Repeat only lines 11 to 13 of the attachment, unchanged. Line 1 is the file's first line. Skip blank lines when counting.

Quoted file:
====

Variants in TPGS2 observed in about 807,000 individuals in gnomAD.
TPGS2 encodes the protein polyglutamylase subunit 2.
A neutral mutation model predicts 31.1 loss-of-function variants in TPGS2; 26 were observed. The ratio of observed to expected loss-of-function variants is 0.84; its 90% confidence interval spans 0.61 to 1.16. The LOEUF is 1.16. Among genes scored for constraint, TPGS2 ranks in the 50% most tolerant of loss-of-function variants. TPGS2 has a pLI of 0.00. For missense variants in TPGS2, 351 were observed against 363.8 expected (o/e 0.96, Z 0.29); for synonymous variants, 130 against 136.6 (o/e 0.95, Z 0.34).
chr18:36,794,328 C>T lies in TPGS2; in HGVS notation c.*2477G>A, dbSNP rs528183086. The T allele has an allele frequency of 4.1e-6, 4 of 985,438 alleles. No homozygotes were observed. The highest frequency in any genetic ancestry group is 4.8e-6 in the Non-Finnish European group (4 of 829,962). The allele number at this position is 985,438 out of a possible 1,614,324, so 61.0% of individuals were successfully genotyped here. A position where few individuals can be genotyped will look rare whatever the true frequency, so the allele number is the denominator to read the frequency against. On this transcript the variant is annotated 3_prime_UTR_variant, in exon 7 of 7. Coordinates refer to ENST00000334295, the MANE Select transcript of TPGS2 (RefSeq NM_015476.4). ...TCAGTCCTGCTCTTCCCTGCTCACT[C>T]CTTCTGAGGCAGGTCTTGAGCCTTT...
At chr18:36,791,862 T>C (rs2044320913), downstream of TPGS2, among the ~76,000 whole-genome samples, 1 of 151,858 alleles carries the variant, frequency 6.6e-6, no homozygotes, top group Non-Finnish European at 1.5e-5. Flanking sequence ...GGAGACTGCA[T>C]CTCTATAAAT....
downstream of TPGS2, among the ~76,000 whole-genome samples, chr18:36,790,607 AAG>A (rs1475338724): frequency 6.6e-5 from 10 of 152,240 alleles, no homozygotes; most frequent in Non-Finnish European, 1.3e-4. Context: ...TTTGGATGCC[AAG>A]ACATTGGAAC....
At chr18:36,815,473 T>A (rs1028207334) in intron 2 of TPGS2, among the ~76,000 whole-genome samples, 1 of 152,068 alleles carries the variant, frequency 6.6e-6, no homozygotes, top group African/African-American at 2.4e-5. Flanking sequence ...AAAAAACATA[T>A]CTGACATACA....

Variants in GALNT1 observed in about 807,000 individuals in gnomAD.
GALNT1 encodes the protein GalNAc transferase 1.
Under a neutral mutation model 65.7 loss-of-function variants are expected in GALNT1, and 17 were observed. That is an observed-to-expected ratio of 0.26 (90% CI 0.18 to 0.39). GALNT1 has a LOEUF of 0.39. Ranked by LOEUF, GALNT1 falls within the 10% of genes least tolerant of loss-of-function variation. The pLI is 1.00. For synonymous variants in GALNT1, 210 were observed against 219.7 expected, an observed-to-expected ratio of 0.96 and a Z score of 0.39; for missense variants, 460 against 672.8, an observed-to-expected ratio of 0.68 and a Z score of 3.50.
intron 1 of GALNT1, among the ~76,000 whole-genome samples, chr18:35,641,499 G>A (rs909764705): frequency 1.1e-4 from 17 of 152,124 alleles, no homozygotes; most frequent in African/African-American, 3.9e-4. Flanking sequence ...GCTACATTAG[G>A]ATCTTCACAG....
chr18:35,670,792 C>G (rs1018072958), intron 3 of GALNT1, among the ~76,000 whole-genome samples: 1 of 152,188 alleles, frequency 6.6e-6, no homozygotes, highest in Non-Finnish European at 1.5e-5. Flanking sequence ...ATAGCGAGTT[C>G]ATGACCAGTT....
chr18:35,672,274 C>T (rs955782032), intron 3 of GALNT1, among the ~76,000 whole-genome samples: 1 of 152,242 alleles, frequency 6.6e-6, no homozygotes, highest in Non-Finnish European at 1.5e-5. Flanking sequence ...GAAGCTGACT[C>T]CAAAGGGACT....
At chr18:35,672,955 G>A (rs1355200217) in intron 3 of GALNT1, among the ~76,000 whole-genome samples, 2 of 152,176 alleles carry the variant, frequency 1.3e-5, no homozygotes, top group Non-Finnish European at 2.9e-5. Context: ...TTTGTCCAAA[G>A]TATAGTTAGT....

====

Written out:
intron 1 of GALNT1, among the ~76,000 whole-genome samples, chr18:35,641,499 G>A (rs909764705): frequency 1.1e-4 from 17 of 152,124 alleles, no homozygotes; most frequent in African/African-American, 3.9e-4. Flanking sequence ...GCTACATTAG[G>A]ATCTTCACAG....
chr18:35,670,792 C>G (rs1018072958), intron 3 of GALNT1, among the ~76,000 whole-genome samples: 1 of 152,188 alleles, frequency 6.6e-6, no homozygotes, highest in Non-Finnish European at 1.5e-5. Flanking sequence ...ATAGCGAGTT[C>G]ATGACCAGTT....
chr18:35,672,274 C>T (rs955782032), intron 3 of GALNT1, among the ~76,000 whole-genome samples: 1 of 152,242 alleles, frequency 6.6e-6, no homozygotes, highest in Non-Finnish European at 1.5e-5. Flanking sequence ...GAAGCTGACT[C>T]CAAAGGGACT....